An aching, aging population will provide plenty of biz for physical therapistsby Reynolds Center May 6, 2014
Amid ongoing coverage of a tepid jobs market, it’s difficult to ignore on that offers double-digit growth in the coming years: The federal Bureau of Labor Statistics is forecasting that demand for physical therapists will grow a whopping 36 percent between 2012 and 2022.
According to the BLS, the median physical therapist — “help injured or ill people improve their movement and manage their pain” –earns about $80,000 a year, and in the next eight years the industry will need some 70,000 more. There are barriers to entry — a doctoral degree and state licensure is usual for practitioners; although until 2017 a master’s degree may suffice — but the job options thereafter are varied, as U.S. News & World Report highlighted in its “Best Health Care Jobs” feature which said physical therapist jobs offer lower than average stress and greater than average employment flexibility. The BLS outlook for PT assistants and aides is excellent as well, with nearly 50,000 more jobs forecast between 2012-2022 and median pay of around $40,000 per year.
As an industry, the business of physical therapy is poised to rebound, according to a recent IBISWorld market analysis report. As this press release notes, a decline in Medicare reimbursements prompted a lot of industry consolidation in recent years but the expectation of higher Medicare rates plus the continued aging of the U.S. population is expected to drive overall industry growth in coming years. (You can request the full IBISWorld report from the company’s media relations staff.) The industry averages a better than 10 percent profict margin.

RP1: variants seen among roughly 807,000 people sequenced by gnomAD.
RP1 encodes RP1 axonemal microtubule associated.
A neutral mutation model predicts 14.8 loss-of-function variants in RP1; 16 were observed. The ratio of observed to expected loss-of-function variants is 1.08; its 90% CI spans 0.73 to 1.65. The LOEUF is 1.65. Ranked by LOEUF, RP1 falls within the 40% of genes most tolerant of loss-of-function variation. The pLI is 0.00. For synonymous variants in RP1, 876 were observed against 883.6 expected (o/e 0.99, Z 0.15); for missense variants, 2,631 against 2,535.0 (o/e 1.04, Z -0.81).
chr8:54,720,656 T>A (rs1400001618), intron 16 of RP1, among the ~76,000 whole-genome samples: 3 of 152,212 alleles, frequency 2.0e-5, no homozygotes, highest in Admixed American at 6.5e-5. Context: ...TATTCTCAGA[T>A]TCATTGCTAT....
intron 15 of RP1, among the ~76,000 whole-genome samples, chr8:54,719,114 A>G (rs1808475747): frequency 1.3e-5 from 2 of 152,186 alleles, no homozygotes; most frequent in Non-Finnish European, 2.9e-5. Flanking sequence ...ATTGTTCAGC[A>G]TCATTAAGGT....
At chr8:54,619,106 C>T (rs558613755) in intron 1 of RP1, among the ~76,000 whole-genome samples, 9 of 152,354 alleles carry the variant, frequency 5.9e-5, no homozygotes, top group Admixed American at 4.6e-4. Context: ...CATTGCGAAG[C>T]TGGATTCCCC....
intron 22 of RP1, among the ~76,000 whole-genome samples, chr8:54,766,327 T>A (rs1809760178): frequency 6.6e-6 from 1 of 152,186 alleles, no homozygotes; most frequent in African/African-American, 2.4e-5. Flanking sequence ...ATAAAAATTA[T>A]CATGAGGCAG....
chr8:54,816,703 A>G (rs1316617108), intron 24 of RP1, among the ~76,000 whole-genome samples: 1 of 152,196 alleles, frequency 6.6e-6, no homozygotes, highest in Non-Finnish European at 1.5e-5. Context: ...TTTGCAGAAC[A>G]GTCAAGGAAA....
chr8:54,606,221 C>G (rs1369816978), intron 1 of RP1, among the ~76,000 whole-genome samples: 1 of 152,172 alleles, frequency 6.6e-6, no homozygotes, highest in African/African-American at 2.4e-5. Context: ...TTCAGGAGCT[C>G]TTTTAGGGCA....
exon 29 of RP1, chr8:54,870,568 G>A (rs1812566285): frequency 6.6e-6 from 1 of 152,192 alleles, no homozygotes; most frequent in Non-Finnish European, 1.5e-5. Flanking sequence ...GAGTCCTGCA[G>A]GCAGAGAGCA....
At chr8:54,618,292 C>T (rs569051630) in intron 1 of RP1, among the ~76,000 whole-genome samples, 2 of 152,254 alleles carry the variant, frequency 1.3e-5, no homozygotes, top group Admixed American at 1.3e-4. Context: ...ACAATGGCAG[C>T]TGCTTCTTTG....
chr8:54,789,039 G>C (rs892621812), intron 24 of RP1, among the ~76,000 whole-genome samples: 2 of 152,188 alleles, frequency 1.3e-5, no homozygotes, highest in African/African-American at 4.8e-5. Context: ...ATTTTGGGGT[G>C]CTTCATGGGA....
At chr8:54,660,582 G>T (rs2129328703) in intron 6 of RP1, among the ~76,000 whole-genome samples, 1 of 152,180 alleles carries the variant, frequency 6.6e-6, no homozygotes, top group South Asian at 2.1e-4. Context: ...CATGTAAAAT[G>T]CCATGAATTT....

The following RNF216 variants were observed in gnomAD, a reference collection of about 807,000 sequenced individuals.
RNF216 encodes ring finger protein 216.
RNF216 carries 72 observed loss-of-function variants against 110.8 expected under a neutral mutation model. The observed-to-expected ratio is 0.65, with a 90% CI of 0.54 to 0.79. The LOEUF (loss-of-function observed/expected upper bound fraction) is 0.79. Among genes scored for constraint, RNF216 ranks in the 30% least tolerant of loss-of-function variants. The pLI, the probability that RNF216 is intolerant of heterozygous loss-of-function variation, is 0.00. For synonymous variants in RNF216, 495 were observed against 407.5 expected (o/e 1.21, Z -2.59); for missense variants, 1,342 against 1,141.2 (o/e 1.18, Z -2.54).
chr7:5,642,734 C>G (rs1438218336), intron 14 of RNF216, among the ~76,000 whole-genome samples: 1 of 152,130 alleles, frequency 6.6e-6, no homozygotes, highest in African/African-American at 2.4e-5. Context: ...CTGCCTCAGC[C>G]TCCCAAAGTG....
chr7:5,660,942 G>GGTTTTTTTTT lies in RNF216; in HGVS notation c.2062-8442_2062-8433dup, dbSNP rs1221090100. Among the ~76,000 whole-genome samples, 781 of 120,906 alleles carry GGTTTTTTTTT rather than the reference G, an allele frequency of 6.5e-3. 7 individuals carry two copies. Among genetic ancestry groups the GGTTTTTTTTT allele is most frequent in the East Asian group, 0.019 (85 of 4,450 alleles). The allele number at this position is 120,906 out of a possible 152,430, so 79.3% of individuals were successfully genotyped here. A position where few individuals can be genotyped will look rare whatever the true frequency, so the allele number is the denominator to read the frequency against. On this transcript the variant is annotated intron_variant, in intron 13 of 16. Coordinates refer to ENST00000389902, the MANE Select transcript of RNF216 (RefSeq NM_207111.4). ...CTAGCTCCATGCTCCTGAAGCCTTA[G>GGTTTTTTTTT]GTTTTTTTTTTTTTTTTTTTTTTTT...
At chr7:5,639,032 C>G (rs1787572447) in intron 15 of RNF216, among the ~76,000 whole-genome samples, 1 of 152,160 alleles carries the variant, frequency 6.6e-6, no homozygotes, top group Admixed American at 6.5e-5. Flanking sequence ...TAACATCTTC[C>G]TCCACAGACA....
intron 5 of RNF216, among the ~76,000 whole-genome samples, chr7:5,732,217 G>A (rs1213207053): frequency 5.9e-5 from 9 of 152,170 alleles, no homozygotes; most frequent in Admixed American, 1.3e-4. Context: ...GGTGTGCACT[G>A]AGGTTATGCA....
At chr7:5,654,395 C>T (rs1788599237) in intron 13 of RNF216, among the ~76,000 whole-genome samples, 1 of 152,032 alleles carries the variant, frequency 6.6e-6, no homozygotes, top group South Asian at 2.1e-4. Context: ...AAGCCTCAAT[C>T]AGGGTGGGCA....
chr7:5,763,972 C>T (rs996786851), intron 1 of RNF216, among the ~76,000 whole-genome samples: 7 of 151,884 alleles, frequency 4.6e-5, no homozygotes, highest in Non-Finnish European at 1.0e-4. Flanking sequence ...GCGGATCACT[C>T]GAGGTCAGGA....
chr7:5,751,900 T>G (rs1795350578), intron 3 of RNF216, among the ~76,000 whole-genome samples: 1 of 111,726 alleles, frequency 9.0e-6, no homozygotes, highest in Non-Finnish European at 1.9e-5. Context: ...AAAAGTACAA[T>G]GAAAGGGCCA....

Another research report, from Harris Williams & Co., is even more optimistic; it projects 7 percent annual growth through 2018 and notes that the fragmented market still is dominated by small players. That means lots of interesting small business angles for local reporteres and a good opportunity to see how future merger & acquistion activity plays out.
Spending on physical therapy to help people improve or recover mobility, or to ease pain, is huge — as this recent New York Times piece points out, it’s a huge portion of Medicare spending alone. If you want to replicate it locally, check out the newly released Medicare payment data for 2012; obviously it covers many medical specialties beyond physical therapy.
Technology is another area worthy of coverage; from anti-gravity treadmills to robot-assisted walking for people with spinal cord injuries to computer-aided therapy programs for stroke patients, medical technology continues to advance; check with area bitoech firms, PT practices and university bio-medical research units for the latest experimental treatments.
And of course, in a society that spends $56 billion a year on pets, the animal tie-in is always of interest: Can you find the local version of this Providence Journal photo essay about a facility that offers physical therapy to animals?